Following the implementation of Directive (EU) 2018/957, the rules on the posting of workers between EU member states have significantly changed. The main objective of the Directive is to guarantee the fundamental social rights of posted workers, to prevent the creation of cheap labour and the phenomenon known as ‘wage dumping’ (harmful wage competition). The aim is to ensure that basic working and employment conditions for temporary staff are in line with conditions that would apply to those employees as if they were directly employed by the user business in the same position.
Poland has implemented the Directive in law through the act of 24 July 2020, amending the act on the posting of workers within the framework of the provision of services. The act lays down conditions for workers posted to Poland (working in Poland, but their employer is foreign). The act has been in force since 30 July 2020. Here are the main findings of the Polish legislation.
The Directive is being implemented across the EU, so it will apply to Poles who work abroad (and to their Polish employers). For this reason, companies that send employees abroad should follow the national procedures of the country to which the employee is being sent, and to check whether the legislative process of enacting the Directive into that country’s national law has been completed.
Length of stay
The new law introduces a precise division of secondment into ‘short’ and ‘long’. Each is governed by its own laws.
Short secondment is of a specific length, up to 12 months. Based on reasoned notification of the business that posts an employee, the secondment may be extended to a maximum of 18 months. This period is ‘per job’ and not ‘per employee’. For example, when an employee has been in the position for 12 months, and he has returned to the country, and his colleague took his place, the posting period for the second employee can only last six consecutive months (that is until the 18-month limit is exceeded in the same position).
A long secondment is any secondment that lasts more than 18 months.
Salaries and conditions of employment
Until now, the salary of the employee posted to another country could not be less than the minimum rates in force in the host country of posted workers. In practice, in the case of Poles working abroad, earning a minimal wage has most often been the case.
On ‘short’ secondment, under the new rules, the worker must be remunerated on the same terms as the national citizen, who will work in the same job at the same time ‘same work for the same pay’. In other words, Poles sent abroad should receive salaries as calculated as their colleagues from that country. Does this mean that their remuneration is to be the same in absolute terms? Well, no. The law only deals with the principles of calculation – the minimum base, mandatory add-ons, etc. According to the Directive, remuneration must be made up of the same components, which does not mean that it has to be equal. Although there were many votes in favour in the debate preceding the adoption of the directive to introduce a full-wage levelling obligation, it was ultimately decided not to do so. The biggest opponent of this radical solution was Poland, who feared that Polish workers will no longer be attractive on the western labour market.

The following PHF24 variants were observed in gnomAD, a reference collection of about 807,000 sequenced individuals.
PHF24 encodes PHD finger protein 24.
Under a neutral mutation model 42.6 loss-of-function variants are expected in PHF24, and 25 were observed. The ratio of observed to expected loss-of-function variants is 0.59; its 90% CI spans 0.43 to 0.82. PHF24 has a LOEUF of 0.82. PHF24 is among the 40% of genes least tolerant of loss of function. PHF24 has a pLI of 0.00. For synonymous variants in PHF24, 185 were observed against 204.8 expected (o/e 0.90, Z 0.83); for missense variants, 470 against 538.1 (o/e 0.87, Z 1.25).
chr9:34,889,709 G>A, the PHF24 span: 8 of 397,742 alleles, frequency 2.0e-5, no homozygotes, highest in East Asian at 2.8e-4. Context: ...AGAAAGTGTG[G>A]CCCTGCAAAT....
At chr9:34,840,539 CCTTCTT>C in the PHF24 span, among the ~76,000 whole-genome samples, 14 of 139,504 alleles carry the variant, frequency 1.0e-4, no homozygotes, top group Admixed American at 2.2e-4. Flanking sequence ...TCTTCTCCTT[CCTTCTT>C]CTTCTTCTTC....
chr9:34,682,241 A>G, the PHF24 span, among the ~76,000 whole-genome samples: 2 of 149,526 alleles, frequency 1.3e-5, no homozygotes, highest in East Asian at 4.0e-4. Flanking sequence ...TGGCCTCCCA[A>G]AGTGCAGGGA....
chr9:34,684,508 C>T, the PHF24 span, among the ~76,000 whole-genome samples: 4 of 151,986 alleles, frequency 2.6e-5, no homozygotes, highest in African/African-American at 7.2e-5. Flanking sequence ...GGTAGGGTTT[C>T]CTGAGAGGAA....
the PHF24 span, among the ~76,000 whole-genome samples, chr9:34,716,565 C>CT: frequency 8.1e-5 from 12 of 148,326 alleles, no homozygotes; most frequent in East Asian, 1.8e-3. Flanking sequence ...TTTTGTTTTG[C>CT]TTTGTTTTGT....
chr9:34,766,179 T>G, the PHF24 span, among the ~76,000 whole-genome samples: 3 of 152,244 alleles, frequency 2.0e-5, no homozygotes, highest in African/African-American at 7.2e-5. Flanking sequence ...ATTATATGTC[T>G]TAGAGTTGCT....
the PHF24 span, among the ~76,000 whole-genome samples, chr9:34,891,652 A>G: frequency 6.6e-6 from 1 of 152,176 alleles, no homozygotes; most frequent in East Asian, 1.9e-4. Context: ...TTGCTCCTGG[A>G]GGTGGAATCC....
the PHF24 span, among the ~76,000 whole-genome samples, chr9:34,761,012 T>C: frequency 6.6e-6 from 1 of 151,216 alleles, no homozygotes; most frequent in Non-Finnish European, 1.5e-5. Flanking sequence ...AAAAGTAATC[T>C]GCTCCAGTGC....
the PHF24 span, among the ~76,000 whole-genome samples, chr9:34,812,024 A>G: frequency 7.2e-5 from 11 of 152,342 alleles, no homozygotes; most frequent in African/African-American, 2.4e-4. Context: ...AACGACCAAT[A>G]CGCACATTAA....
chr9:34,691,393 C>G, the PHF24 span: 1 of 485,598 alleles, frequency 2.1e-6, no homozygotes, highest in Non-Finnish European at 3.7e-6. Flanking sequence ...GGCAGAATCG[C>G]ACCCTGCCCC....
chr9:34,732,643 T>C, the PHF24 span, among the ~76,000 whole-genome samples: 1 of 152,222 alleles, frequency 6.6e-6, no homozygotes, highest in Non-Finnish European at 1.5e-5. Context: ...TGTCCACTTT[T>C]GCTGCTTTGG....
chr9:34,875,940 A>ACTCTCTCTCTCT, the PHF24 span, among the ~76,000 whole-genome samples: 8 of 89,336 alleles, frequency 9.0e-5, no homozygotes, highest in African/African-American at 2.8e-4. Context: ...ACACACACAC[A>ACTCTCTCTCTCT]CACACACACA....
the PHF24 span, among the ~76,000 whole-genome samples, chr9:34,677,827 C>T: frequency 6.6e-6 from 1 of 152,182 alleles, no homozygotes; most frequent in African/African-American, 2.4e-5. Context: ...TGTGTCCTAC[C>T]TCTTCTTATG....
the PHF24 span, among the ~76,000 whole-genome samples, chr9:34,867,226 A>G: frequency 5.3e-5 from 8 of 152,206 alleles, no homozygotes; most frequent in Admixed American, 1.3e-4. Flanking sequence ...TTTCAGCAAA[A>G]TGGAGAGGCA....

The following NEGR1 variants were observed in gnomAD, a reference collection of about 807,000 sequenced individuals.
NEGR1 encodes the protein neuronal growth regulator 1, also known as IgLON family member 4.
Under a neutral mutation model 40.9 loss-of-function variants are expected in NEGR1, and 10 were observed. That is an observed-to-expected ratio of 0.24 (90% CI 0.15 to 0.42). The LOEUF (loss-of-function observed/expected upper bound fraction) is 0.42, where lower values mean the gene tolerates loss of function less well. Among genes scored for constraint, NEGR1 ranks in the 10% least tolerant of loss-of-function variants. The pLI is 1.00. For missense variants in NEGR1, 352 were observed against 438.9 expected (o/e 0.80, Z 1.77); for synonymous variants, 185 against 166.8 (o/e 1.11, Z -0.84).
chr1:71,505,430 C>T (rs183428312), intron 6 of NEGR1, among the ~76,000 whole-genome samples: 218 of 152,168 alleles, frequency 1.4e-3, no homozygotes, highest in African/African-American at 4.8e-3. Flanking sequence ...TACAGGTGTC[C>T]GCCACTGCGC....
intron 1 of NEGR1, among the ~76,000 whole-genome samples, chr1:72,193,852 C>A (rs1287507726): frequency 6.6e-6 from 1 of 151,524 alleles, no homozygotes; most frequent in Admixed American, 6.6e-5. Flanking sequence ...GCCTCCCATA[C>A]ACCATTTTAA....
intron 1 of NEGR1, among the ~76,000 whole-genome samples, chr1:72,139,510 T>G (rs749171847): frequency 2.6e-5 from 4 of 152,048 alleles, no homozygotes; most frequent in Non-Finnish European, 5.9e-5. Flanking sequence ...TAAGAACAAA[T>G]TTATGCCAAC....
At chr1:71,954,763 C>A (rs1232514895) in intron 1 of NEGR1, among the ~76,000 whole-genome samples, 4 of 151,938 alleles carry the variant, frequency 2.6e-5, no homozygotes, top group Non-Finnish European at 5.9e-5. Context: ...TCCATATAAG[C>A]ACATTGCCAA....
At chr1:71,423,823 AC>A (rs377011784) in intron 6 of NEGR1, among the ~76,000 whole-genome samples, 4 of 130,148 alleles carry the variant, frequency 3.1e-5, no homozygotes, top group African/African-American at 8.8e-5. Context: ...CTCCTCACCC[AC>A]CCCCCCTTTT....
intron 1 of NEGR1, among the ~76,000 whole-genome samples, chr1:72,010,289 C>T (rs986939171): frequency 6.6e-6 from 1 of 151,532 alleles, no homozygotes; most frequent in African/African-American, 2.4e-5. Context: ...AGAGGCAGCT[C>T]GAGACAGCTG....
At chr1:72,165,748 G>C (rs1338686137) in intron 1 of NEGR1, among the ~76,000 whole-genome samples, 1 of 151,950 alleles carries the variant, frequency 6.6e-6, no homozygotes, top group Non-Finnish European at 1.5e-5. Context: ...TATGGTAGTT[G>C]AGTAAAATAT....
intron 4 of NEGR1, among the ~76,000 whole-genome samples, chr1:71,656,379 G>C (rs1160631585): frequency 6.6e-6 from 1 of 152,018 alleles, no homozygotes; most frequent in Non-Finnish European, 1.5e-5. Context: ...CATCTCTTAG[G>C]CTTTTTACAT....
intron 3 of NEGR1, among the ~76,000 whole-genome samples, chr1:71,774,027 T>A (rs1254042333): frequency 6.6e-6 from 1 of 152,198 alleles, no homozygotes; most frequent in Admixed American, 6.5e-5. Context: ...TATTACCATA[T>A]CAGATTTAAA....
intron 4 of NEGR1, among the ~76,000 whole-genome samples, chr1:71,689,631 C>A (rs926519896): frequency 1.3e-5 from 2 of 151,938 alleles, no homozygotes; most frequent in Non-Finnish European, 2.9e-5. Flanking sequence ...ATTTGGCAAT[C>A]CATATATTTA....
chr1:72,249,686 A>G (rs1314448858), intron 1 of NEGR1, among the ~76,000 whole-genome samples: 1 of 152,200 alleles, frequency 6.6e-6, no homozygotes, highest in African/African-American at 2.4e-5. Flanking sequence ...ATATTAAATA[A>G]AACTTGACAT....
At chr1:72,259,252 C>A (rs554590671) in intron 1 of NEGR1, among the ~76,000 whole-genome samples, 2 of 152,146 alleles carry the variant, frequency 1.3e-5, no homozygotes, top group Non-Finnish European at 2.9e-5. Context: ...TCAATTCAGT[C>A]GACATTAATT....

As regards to the other conditions of employment, over a period of up to 18 months, the rules provide for a so-called ‘closed directory’. These are selected employment conditions from the Labour Code.
With ‘long postings (over 18 months), all employment conditions provided for in the labour code and other laws governing the rights and obligations of employees. In practice, this means that posted workers are equated with local workers.
To implement the ‘same work for the same pay’ principle, individual member states are required to publish information on wages arising from laws or collective agreements, and the employer is required to verify market benchmarks.
Principle of benefit
If, after a maximum of 18 months and after aligning local and host employees proves that labour law in the home country is more favourable to the worker than the labour law of the host country, then there is a possibility of applying the more favourable conditions of employment of the home state. This is possible according to the ‘principle of benefit’, according to which legislation imposing the application of the law of the host state. Due to this principle posted workers ‘will never lose’, since more favourable legislation of one of the member states will be applicable.
Role of the labour inspectorate
A foreign employer who delegates their employee/s to Poland must submit a ‘statement of the employer that delegates an employee on the territory of Poland’ by the date on which the service commences at the latest. Should there be a change in the facts, the employer (a foreign entity) has seven days from that change occurring to notify PIP, Poland’s national labour inspectorate.
This body assumes the role of the liaison body cooperating with the relevant authorities from other countries. They will exchange information about the conditions of employment of staff, the reporting of irregularities and delegation offences, and can request inspections.
You should review the changes and verify that responsibilities are being met and how their fulfilment should look like. A tax advisor can help you with that and will assist your company in analysing the current structure of the compensation of employees in view of the new responsibilities and their impact on the existing model.